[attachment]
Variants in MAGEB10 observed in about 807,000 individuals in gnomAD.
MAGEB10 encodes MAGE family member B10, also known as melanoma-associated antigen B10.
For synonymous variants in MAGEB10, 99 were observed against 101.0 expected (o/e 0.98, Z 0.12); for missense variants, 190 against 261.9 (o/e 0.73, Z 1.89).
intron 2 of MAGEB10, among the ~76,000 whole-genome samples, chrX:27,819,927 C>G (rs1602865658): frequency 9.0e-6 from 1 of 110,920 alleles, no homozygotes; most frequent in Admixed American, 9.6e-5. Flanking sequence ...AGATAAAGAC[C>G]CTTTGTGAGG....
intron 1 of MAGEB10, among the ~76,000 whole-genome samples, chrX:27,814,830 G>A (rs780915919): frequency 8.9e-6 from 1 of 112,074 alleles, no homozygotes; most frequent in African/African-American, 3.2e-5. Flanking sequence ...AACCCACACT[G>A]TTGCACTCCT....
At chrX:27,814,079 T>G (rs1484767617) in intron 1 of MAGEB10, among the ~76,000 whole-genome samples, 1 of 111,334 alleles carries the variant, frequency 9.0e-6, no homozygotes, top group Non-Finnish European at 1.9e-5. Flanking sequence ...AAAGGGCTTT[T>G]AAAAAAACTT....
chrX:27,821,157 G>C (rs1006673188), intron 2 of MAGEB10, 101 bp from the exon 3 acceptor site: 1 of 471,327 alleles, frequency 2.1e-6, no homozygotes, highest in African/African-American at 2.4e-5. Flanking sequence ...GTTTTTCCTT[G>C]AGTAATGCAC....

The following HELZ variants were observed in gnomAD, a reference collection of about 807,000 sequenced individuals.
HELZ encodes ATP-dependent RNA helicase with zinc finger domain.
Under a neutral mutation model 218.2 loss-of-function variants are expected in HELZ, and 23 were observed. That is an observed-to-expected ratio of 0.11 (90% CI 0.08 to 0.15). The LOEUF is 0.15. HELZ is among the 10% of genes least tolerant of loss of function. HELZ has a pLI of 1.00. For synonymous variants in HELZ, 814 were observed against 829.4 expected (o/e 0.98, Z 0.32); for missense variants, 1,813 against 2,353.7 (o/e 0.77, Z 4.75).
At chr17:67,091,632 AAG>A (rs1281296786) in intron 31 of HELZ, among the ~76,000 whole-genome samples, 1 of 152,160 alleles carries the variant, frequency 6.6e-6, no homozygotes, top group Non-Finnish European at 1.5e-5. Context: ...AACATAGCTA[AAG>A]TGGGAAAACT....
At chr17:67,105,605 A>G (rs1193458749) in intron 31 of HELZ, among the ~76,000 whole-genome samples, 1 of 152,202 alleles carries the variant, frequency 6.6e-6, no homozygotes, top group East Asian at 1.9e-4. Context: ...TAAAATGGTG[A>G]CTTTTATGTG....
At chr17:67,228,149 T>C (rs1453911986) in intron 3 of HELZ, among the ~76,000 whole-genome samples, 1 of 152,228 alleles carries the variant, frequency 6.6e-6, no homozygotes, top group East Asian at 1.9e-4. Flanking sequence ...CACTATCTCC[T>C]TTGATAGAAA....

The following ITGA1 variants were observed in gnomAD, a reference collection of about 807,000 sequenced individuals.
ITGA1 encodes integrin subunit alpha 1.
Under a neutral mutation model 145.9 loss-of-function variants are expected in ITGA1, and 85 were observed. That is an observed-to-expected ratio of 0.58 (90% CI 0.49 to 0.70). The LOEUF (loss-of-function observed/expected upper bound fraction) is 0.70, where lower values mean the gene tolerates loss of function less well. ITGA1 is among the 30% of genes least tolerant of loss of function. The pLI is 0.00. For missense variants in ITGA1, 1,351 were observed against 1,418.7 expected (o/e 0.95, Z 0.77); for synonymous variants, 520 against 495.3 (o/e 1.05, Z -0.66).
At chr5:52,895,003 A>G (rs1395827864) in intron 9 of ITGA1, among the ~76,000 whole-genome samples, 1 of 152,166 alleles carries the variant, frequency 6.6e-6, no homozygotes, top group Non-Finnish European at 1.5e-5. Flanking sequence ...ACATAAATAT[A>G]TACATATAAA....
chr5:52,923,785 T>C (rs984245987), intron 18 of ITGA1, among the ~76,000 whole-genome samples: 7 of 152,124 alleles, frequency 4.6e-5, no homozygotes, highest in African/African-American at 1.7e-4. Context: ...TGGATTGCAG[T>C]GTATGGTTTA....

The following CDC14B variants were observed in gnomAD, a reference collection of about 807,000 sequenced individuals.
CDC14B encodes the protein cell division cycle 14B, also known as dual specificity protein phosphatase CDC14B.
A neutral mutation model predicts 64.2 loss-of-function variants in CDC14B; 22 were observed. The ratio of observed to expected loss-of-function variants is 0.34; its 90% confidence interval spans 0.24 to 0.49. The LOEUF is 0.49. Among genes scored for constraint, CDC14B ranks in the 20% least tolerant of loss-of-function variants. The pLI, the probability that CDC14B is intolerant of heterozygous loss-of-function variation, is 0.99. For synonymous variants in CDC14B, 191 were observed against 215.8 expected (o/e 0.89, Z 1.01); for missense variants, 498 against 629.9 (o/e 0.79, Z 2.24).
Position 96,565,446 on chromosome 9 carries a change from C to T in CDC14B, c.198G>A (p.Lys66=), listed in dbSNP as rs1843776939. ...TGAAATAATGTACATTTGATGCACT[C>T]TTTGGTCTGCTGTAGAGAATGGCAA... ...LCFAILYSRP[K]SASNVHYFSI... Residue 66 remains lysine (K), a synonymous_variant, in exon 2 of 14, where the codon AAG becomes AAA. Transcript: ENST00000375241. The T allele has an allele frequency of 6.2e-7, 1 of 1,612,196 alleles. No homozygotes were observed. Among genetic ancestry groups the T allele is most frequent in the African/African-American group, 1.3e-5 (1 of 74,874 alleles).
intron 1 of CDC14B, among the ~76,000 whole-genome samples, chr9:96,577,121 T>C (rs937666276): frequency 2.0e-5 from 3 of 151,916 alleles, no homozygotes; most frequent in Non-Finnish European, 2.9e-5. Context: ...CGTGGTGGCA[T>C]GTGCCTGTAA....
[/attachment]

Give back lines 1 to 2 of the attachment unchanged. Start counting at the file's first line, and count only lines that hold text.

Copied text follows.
Variants in MAGEB10 observed in about 807,000 individuals in gnomAD.
MAGEB10 encodes MAGE family member B10, also known as melanoma-associated antigen B10.